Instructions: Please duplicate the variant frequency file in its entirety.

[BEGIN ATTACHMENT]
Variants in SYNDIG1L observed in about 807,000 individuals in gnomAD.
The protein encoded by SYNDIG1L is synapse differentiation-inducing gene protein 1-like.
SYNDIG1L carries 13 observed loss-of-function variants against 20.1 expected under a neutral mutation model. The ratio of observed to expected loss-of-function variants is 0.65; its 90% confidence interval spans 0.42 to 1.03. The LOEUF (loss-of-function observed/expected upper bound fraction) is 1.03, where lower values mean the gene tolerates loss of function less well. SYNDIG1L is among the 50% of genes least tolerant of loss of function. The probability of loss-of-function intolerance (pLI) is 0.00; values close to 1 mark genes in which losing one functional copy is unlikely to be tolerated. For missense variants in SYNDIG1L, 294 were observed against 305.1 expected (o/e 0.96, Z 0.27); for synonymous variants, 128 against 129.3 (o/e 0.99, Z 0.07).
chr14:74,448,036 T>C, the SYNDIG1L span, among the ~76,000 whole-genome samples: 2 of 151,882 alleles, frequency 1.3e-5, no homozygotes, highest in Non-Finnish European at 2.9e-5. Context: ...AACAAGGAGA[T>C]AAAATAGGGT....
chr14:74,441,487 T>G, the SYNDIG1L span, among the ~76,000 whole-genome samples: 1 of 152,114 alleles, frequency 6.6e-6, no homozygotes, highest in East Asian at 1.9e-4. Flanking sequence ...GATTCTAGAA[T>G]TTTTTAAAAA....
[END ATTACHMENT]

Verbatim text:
Variants in SYNDIG1L observed in about 807,000 individuals in gnomAD.
The protein encoded by SYNDIG1L is synapse differentiation-inducing gene protein 1-like.
SYNDIG1L carries 13 observed loss-of-function variants against 20.1 expected under a neutral mutation model. The ratio of observed to expected loss-of-function variants is 0.65; its 90% confidence interval spans 0.42 to 1.03. The LOEUF (loss-of-function observed/expected upper bound fraction) is 1.03, where lower values mean the gene tolerates loss of function less well. SYNDIG1L is among the 50% of genes least tolerant of loss of function. The probability of loss-of-function intolerance (pLI) is 0.00; values close to 1 mark genes in which losing one functional copy is unlikely to be tolerated. For missense variants in SYNDIG1L, 294 were observed against 305.1 expected (o/e 0.96, Z 0.27); for synonymous variants, 128 against 129.3 (o/e 0.99, Z 0.07).
chr14:74,448,036 T>C, the SYNDIG1L span, among the ~76,000 whole-genome samples: 2 of 151,882 alleles, frequency 1.3e-5, no homozygotes, highest in Non-Finnish European at 2.9e-5. Context: ...AACAAGGAGA[T>C]AAAATAGGGT....
chr14:74,441,487 T>G, the SYNDIG1L span, among the ~76,000 whole-genome samples: 1 of 152,114 alleles, frequency 6.6e-6, no homozygotes, highest in East Asian at 1.9e-4. Flanking sequence ...GATTCTAGAA[T>G]TTTTTAAAAA....